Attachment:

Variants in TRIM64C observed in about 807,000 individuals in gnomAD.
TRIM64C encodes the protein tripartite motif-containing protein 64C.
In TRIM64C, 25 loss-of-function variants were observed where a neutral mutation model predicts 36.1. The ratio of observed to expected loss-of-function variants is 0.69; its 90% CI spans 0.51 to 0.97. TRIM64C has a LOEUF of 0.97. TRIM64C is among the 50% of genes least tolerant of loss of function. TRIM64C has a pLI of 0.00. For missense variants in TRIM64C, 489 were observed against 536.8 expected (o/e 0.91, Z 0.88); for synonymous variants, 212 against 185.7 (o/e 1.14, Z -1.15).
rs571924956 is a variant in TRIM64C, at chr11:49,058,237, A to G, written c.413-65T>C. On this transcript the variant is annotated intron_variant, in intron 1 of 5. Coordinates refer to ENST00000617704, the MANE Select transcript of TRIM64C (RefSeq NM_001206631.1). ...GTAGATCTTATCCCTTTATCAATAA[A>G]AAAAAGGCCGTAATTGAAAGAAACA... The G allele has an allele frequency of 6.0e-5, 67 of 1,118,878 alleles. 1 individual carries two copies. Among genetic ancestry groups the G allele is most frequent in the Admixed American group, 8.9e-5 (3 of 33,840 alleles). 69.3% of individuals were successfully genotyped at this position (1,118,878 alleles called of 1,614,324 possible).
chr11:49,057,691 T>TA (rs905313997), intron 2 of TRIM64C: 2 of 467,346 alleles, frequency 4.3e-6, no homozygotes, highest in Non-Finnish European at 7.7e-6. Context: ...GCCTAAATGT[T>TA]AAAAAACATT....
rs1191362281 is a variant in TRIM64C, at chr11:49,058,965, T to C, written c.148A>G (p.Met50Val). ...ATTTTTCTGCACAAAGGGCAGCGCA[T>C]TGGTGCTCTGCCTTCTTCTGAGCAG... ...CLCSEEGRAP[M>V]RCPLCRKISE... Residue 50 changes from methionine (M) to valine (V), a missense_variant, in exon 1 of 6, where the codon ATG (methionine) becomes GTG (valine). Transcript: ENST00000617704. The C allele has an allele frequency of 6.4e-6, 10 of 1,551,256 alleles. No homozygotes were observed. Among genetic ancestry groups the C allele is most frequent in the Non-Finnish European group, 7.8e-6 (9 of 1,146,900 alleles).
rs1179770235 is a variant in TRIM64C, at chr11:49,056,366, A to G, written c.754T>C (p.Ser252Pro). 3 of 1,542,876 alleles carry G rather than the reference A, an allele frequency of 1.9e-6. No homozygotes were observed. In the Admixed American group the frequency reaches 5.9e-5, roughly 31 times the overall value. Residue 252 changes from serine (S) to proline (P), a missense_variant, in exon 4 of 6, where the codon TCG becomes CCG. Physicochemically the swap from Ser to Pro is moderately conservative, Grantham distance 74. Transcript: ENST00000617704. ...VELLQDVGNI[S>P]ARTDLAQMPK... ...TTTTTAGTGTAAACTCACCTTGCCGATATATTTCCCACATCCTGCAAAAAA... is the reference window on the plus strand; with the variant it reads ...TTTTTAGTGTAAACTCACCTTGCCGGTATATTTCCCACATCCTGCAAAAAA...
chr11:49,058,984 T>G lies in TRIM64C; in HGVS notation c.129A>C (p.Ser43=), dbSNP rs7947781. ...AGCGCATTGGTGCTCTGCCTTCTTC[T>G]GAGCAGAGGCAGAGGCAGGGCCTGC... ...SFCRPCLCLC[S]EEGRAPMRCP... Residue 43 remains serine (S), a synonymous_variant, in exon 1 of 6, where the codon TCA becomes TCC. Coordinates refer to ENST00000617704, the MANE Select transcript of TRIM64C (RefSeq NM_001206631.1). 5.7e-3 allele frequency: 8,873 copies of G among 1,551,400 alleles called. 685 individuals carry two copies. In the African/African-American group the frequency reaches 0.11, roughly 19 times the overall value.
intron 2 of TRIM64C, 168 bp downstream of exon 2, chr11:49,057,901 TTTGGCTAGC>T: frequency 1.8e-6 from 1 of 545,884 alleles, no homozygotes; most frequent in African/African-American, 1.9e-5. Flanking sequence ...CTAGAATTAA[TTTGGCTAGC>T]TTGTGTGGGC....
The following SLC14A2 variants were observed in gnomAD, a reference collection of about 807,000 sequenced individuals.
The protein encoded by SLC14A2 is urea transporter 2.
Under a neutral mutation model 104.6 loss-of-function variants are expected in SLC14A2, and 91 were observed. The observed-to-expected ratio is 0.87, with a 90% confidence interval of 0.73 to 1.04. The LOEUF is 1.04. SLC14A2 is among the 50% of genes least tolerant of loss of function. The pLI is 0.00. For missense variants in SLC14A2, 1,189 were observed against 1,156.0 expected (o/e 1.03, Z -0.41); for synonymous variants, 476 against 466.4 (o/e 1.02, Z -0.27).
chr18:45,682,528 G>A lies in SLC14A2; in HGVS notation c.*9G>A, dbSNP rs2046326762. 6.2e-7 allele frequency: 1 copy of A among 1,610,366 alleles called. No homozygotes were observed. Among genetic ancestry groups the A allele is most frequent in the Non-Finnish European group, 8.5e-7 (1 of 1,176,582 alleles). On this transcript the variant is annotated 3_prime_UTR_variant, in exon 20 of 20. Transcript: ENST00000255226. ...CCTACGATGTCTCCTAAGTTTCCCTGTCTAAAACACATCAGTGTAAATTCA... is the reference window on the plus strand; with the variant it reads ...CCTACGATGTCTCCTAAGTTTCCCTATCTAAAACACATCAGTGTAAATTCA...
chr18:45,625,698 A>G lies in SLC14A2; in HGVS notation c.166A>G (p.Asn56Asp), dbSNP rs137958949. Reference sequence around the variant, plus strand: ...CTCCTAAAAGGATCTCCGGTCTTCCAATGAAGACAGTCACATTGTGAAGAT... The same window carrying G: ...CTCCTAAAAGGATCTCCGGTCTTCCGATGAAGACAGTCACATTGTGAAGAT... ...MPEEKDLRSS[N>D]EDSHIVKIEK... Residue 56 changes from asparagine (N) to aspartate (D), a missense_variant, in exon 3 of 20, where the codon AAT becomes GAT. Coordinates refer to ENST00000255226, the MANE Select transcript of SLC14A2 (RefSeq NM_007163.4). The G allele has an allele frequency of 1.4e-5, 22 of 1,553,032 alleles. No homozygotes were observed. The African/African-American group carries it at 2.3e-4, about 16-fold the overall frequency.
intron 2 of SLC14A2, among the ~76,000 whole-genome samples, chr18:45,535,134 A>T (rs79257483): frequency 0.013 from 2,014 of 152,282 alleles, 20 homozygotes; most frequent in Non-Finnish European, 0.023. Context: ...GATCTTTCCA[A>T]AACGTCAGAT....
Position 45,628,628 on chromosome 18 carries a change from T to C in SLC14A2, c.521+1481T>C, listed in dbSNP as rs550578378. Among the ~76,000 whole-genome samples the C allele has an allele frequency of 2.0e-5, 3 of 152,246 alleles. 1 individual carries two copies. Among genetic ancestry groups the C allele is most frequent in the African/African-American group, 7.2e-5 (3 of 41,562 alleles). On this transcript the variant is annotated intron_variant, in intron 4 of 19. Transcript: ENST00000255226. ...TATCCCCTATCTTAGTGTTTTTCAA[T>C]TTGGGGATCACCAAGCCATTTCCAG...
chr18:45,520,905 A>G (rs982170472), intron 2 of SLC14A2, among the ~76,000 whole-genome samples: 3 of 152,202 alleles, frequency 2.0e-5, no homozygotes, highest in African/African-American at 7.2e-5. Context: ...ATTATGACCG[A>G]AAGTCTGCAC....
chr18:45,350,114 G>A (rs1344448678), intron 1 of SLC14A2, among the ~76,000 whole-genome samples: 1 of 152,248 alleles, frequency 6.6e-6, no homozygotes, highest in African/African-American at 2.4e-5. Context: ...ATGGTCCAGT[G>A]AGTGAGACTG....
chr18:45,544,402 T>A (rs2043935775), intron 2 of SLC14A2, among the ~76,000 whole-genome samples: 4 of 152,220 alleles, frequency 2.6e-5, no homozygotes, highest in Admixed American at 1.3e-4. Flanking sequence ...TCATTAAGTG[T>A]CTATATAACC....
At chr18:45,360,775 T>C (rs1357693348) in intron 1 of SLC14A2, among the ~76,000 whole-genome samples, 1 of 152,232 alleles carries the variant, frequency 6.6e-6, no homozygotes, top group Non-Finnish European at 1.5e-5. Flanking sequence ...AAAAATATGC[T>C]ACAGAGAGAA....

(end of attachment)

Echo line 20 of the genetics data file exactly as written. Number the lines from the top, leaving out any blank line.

At chr18:45,360,775 T>C (rs1357693348) in intron 1 of SLC14A2, among the ~76,000 whole-genome samples, 1 of 152,232 alleles carries the variant, frequency 6.6e-6, no homozygotes, top group Non-Finnish European at 1.5e-5. Flanking sequence ...AAAAATATGC[T>C]ACAGAGAGAA....